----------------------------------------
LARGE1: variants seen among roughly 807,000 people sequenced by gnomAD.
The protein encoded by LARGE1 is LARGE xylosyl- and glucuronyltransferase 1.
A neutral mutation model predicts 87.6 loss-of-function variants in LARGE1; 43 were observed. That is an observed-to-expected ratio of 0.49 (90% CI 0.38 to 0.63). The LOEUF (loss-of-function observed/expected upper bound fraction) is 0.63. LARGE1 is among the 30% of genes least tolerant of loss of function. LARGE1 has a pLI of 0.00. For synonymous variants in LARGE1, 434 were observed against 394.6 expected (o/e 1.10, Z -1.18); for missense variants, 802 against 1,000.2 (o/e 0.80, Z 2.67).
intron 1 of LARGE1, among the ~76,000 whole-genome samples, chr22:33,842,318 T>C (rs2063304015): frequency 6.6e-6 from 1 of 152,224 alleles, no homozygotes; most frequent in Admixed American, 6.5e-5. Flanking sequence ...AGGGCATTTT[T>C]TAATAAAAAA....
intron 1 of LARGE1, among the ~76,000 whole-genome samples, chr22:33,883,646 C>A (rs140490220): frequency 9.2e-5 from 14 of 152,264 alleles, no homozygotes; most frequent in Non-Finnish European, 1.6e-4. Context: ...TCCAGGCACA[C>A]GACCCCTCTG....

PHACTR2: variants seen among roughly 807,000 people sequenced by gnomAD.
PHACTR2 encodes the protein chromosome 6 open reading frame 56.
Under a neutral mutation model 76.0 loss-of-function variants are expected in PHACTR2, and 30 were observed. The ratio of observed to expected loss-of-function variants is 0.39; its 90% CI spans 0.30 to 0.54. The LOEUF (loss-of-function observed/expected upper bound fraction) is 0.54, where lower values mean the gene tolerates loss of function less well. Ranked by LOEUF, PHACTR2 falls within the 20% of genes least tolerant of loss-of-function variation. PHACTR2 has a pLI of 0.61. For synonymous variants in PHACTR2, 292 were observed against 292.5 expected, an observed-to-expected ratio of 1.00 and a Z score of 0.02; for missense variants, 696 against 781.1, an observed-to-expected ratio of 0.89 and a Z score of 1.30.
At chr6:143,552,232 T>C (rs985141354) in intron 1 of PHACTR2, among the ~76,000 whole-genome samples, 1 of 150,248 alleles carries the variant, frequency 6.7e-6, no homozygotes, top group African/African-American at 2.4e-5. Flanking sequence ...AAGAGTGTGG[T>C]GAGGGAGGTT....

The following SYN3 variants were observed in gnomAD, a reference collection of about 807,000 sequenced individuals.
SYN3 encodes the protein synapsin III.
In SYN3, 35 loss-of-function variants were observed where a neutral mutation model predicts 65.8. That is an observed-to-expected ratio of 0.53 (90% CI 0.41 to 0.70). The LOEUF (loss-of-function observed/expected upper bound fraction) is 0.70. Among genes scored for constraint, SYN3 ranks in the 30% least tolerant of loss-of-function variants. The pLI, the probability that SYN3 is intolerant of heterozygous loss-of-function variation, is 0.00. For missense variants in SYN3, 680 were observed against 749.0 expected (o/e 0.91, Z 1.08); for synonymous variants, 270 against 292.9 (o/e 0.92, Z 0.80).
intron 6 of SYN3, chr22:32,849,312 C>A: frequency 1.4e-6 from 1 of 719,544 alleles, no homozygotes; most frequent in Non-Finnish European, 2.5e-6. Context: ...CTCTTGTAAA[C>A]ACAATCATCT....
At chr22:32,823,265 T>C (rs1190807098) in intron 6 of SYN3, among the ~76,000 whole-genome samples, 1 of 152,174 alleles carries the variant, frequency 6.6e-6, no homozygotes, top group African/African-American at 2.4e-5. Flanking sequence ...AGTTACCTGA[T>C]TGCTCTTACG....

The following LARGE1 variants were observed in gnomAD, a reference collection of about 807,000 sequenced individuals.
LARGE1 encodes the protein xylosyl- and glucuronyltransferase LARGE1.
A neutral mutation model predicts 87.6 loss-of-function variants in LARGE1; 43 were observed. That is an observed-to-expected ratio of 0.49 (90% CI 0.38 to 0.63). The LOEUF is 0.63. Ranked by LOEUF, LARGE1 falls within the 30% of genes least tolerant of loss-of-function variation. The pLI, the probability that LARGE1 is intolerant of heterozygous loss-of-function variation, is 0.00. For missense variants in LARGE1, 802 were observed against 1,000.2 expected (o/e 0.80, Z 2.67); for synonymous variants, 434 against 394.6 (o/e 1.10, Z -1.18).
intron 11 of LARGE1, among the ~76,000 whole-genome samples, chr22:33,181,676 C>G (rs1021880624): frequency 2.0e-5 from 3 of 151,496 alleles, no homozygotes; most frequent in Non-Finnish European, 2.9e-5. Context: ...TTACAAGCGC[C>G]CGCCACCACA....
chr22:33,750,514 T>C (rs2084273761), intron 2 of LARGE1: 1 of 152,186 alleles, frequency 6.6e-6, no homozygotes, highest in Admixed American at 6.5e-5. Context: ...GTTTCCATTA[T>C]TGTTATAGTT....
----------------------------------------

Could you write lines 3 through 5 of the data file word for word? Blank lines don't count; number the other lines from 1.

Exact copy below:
A neutral mutation model predicts 87.6 loss-of-function variants in LARGE1; 43 were observed. That is an observed-to-expected ratio of 0.49 (90% CI 0.38 to 0.63). The LOEUF (loss-of-function observed/expected upper bound fraction) is 0.63. LARGE1 is among the 30% of genes least tolerant of loss of function. LARGE1 has a pLI of 0.00. For synonymous variants in LARGE1, 434 were observed against 394.6 expected (o/e 1.10, Z -1.18); for missense variants, 802 against 1,000.2 (o/e 0.80, Z 2.67).
intron 1 of LARGE1, among the ~76,000 whole-genome samples, chr22:33,842,318 T>C (rs2063304015): frequency 6.6e-6 from 1 of 152,224 alleles, no homozygotes; most frequent in Admixed American, 6.5e-5. Flanking sequence ...AGGGCATTTT[T>C]TAATAAAAAA....
intron 1 of LARGE1, among the ~76,000 whole-genome samples, chr22:33,883,646 C>A (rs140490220): frequency 9.2e-5 from 14 of 152,264 alleles, no homozygotes; most frequent in Non-Finnish European, 1.6e-4. Context: ...TCCAGGCACA[C>A]GACCCCTCTG....